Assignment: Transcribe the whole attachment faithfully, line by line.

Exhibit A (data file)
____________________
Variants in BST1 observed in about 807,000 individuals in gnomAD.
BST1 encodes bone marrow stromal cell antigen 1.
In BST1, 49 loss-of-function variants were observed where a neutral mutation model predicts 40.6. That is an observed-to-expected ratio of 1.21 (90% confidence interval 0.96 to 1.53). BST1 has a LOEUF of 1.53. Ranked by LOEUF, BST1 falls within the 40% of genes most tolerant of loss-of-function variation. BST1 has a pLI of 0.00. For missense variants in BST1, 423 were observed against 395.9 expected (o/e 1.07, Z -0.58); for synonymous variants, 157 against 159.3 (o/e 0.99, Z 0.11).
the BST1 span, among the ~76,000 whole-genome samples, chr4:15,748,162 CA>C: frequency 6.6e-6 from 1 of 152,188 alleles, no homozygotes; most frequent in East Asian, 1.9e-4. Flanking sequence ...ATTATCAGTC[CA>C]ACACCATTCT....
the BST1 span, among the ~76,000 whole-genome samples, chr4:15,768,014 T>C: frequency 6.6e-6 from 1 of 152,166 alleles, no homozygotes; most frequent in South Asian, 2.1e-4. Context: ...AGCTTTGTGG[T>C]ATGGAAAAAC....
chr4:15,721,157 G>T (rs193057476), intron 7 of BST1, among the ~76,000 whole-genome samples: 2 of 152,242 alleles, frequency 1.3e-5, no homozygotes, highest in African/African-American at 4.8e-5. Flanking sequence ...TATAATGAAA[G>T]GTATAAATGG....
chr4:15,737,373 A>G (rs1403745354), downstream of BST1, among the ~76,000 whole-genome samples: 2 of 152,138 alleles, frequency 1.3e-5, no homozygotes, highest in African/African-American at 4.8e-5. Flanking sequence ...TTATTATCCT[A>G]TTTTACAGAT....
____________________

Variants in BST1 observed in about 807,000 individuals in gnomAD.
BST1 encodes bone marrow stromal cell antigen 1.
In BST1, 49 loss-of-function variants were observed where a neutral mutation model predicts 40.6. That is an observed-to-expected ratio of 1.21 (90% confidence interval 0.96 to 1.53). BST1 has a LOEUF of 1.53. Ranked by LOEUF, BST1 falls within the 40% of genes most tolerant of loss-of-function variation. BST1 has a pLI of 0.00. For missense variants in BST1, 423 were observed against 395.9 expected (o/e 1.07, Z -0.58); for synonymous variants, 157 against 159.3 (o/e 0.99, Z 0.11).
the BST1 span, among the ~76,000 whole-genome samples, chr4:15,748,162 CA>C: frequency 6.6e-6 from 1 of 152,188 alleles, no homozygotes; most frequent in East Asian, 1.9e-4. Flanking sequence ...ATTATCAGTC[CA>C]ACACCATTCT....
the BST1 span, among the ~76,000 whole-genome samples, chr4:15,768,014 T>C: frequency 6.6e-6 from 1 of 152,166 alleles, no homozygotes; most frequent in South Asian, 2.1e-4. Context: ...AGCTTTGTGG[T>C]ATGGAAAAAC....
chr4:15,721,157 G>T (rs193057476), intron 7 of BST1, among the ~76,000 whole-genome samples: 2 of 152,242 alleles, frequency 1.3e-5, no homozygotes, highest in African/African-American at 4.8e-5. Flanking sequence ...TATAATGAAA[G>T]GTATAAATGG....
chr4:15,737,373 A>G (rs1403745354), downstream of BST1, among the ~76,000 whole-genome samples: 2 of 152,138 alleles, frequency 1.3e-5, no homozygotes, highest in African/African-American at 4.8e-5. Flanking sequence ...TTATTATCCT[A>G]TTTTACAGAT....